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The interplay between diverse oil body extracts and exogenous biopolymers or surfactants

Nikiforidis, Constantinos V., Donsouzi, Stella, Kiosseoglou, Vasilios
Food research international 2016 v.83 pp. 14-24
biopolymers, centrifugation, cosmetics, creaming, droplet size, emulsions, hazelnuts, lipid bodies, polysorbates, proteins, sesame seed, sodium caseinate, soybean oil, soybeans, surfactants, xanthan gum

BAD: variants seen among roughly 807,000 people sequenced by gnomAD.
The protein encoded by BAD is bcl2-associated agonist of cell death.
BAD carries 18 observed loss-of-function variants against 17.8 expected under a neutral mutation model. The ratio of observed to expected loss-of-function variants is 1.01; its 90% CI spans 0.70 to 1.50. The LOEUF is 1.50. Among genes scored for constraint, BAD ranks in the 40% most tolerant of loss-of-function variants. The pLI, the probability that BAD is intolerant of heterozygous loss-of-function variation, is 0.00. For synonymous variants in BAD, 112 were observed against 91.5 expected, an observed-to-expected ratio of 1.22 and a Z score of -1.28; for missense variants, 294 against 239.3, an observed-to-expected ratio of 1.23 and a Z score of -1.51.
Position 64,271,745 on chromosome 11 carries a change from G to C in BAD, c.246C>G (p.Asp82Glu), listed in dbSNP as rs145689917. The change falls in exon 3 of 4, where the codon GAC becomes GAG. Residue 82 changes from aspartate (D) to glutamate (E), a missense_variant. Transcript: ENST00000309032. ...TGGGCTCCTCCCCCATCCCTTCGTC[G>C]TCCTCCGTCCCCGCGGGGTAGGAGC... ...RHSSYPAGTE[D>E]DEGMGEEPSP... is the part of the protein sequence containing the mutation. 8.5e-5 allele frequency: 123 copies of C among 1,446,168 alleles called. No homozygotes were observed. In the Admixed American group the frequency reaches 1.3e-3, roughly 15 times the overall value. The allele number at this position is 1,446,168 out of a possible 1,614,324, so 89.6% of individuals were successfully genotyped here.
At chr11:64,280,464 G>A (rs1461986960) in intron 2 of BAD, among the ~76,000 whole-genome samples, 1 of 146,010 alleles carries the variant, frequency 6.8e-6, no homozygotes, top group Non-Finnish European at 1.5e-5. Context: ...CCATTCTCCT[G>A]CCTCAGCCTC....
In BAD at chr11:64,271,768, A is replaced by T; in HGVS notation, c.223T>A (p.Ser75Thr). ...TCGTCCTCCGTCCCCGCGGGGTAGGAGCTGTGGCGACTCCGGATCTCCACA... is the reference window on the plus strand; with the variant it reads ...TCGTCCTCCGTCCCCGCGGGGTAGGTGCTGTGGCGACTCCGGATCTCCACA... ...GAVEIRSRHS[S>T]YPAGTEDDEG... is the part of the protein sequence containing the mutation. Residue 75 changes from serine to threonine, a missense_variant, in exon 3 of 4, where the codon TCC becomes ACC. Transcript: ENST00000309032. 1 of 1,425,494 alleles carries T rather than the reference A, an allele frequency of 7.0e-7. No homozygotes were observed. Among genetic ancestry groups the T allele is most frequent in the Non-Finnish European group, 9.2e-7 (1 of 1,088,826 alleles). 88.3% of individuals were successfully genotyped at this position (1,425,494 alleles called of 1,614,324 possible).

Hazelnuts, sesame seeds and soybeans were selected as three diverse sources of oil bodies. Application of aqueous extraction and centrifugation steps resulted in concentrated oil body creams that were studied for their physical stability after dilution to a series of 5.0wt.% oil-in-water emulsions incorporating sodium caseinate (1.0wt.%), Tween 80 (1.0wt.%) or xanthan gum (0.1wt.%). In terms of aggregation/coalescence and creaming, the stability of the oil body based emulsions was ruled to a large extent by the initial natural oil droplet size and the presence of co-extracted exogenous proteins and secondarily by the added biopolymers and the surfactant. More specifically, soybean oil bodies exhibited the highest physical stability, even though incorporation of Tween 80 into all three oil body emulsions improved the stability against aggregation/coalescence, while xanthan gum was an effective stabilizer against creaming.